Jack Black plays Hal Larson, who, unconsciously traumatized by his father's death at age nine, is one of the shallowest men in the world. Until one day when, trapped in an elevator with Tony Robbins, he is unknowingly hypnotized so that, every time he meets someone new from that point onward, he will see their "inner beauty" instead of their real appearance.Hilarity Ensues.Most notably, he meets a woman named Rosemary, played by Gwyneth Paltrow who, to him, looks like the most beautiful woman in the world because of her great inner beauty. In reality, however, she's extremely fat. It's not the only cognitive dissonance — far from it — but it's the one that made the trailers.
Beauty Inversion: A number of beautiful actresses wore makeup to appear ugly outside of Hal's "Inner Beauty Vision". The directors especially took flack for casting a skinny actress like Paltrow as a fat woman, but explained that it was easier for Paltrow to fat up (with makeup and a fatsuit) than it was for a heavy actress to slim down.
Brawn Hilda: After Hal loses his Inner Beauty Vision, the rotund housemaid whom he initially mistakes for Rosemary is named Helga.
Broken Aesop: True Beauty Is On The Inside? Kind of undermined by Rosemary being morbidly obese. Her eating habits are incredibly unhealthy and she's likely going to have a heart attack. There's a difference between not conforming to Hollywood's vision of beauty and doing what's best for your own health.
Fridge Brilliance: Like many who've struggled with their weight and dieting, Rosemary just gave up as she stated that "no matter what I eat I'm always the same weight".
The entire premise of the movie is that Hal is seeing a person's inner beauty, thus ugly women appear incredibly attractive to him and beautiful women appear incredibly ugly. Unfortunate Implications aside, it still comes across as making judgements based on physical appearances.
Not precisely true. GOOD people appear beautiful and BAD people appear ugly. It's not a case of let's just switch up people's looks. Katrina, for example, actually isn't very bad looking at all, just a little nerdy, but due to being a sweet and caring girl Hal initially sees her as classically beautiful. However, Hal still does base his initial opinion of women on their looks and is continually surprised that these attractive women are also good people.
Roger Ebert puts forth a partial justification for this in his review, pointing out that movies, being a primarily visual storytelling medium, would use a visual method of showing us how Hal perceives people now. Which makes this more of a Clueless Aesop, really.
Compliment Backfire: When Hal meets Rosemary's mother he says, "I can see where Rosemary gets her figure." He intends it as a compliment because he sees both of them as slim women, not realising they're both quite overweight.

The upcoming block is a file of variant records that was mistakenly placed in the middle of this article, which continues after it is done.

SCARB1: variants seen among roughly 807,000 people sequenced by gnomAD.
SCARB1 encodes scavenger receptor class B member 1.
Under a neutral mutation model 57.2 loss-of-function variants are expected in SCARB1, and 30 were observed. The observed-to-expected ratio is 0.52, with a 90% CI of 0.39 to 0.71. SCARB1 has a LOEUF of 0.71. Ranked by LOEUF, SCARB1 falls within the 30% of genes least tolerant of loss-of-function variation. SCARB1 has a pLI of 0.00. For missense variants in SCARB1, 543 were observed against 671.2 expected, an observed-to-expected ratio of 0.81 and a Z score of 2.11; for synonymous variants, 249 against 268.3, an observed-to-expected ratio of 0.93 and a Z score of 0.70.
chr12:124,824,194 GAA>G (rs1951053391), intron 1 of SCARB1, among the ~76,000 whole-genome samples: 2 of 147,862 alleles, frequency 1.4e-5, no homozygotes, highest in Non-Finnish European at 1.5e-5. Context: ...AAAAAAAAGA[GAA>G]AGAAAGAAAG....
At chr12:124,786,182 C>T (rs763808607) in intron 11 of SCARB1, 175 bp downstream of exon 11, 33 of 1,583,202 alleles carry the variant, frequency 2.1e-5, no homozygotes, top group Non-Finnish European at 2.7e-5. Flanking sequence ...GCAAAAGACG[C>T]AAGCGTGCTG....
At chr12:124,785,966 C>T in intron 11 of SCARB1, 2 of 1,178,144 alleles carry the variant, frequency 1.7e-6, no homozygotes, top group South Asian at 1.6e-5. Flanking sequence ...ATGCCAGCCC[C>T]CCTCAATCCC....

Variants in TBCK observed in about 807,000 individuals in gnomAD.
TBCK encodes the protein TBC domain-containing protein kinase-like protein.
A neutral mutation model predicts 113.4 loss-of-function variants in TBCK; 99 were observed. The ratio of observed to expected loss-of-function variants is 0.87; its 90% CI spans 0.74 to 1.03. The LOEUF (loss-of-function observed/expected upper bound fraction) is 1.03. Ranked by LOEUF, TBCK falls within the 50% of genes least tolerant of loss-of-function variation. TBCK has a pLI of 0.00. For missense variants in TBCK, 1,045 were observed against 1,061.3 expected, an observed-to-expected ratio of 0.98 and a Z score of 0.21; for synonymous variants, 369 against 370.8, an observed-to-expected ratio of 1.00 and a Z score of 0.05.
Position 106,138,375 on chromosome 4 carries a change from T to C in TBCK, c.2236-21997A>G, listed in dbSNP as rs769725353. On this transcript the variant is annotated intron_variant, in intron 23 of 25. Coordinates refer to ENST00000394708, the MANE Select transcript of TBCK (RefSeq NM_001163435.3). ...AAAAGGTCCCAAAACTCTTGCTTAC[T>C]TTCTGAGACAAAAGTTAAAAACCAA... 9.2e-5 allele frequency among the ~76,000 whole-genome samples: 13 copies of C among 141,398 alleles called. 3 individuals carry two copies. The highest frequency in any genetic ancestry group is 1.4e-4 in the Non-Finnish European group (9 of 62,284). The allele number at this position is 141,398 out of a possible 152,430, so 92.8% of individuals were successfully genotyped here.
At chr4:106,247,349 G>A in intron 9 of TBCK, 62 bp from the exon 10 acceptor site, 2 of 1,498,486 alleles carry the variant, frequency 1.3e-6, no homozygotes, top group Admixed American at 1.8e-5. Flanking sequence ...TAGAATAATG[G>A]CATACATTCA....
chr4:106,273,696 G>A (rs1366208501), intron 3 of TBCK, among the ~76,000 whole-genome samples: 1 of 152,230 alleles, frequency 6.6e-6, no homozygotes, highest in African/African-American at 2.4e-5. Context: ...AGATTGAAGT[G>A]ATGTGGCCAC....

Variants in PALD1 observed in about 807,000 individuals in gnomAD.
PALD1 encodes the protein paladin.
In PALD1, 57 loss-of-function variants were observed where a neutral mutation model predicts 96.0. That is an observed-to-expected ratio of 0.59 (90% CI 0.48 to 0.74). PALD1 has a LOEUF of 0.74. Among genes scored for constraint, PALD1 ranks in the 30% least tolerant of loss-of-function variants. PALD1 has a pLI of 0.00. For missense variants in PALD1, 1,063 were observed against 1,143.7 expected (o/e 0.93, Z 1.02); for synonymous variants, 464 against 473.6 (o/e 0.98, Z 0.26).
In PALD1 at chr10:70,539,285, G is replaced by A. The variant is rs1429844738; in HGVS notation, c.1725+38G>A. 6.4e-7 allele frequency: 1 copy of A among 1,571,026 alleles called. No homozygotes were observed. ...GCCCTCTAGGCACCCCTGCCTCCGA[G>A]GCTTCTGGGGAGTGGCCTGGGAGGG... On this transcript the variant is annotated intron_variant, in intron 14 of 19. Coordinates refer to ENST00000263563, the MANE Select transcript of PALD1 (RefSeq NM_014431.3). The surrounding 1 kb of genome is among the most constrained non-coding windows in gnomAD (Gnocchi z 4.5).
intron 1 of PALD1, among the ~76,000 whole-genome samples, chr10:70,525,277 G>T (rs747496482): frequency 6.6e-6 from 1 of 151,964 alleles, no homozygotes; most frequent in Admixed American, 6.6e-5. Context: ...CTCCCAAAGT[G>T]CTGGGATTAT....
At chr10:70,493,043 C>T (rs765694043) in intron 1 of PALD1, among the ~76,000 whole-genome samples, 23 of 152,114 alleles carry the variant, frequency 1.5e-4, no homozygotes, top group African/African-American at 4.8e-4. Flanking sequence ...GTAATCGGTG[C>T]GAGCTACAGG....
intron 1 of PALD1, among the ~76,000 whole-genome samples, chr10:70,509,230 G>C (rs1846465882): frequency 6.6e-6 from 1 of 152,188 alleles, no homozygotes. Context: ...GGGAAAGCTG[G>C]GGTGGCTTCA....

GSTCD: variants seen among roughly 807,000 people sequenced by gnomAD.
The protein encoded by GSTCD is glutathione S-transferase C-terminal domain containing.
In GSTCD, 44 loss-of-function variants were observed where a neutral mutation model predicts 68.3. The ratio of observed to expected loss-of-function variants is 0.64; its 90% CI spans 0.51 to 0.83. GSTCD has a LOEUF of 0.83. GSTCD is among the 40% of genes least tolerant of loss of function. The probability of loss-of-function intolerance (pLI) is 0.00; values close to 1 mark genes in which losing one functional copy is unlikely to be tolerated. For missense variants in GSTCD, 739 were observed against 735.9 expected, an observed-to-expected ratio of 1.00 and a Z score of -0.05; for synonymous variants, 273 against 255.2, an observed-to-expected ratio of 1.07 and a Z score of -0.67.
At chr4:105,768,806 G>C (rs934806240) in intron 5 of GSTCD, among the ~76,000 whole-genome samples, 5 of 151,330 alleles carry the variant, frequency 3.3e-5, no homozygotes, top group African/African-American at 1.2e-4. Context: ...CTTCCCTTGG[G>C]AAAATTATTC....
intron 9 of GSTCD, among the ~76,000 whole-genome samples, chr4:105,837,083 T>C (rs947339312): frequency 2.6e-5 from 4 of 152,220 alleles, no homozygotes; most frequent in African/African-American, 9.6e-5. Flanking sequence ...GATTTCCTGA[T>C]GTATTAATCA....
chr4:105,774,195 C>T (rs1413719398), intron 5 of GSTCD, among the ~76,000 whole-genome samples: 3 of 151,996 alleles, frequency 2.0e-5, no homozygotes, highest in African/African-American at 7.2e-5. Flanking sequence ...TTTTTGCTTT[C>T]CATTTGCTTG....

Cursed with Awesome: Basically, all the nicest and kindest people are identifiable on sight. Oh, and if you ever date one, they'll also be smoking hot.
Cut a Slice, Take the Rest: Rosemary cuts off a "sliver" of a cake that's about 1/3 as big as the whole cake, and walks off munching on it like a Pringles chip.
All Hal thought was that Tony Robbins did something to help him "score better with the ladies." He had no idea that it literally changed his vision.
Minor Flaw, Major Breakup: Mauricio gives a practically perfect girl the cold shoulder, passing up an opportunity to see a Beatles reunion while George Harrison was still alive, ostensibly because one of her second toes is slightly longer than normal. Turns out however that it's because he's ashamed of his own elongated tailbone.
Money, Dear Boy: Gwyneth Paltrow was quoted saying that this was the only reason she did the movie.
Mauricio: I'm probably more immature than you, but at least I have a bigger willie. *pause* Hal: Yeah, bigger than a mouse's. Mauricio: What the hell was that? Hal: I said your willie's— Mauricio: I heard what you said, but it took you, like, eight seconds. You can't come back with a comeback after eight seconds. You got three. Five, tops. That's why they call it a "quip," not a "slooowwwwwp."
Sliding Scale of Beauty: Quite notably scores pretty evenly around the scale. The nastier girls (and Rosemary in Hal's eyes) are very pretty, while some of the characters are just average or flawed average, perhaps flawed pretty, and some of the nice girls are honestly ugly.
It isn't limited to females: Rosemary's two guy friends from the Peace Corps are overweight and/or unattractive yet are seen as intimidatingly handsome to a hypnotized Hal.
Title Drop: "Shallow Hal wants a gal", the incantation Mauricio uses to break the hypnosis.
Fridge Brilliance: Hal, who is still seeing people for their inner beauty (or lack thereof), sees this very kind transgender person as a very cute, and even pretty, young woman, despite most people usually seeing her as a, well, freak, as Hal seemed to think after the curse was broken. Made even more brilliant when you think about how he's viewing a biological male as a female on the inside.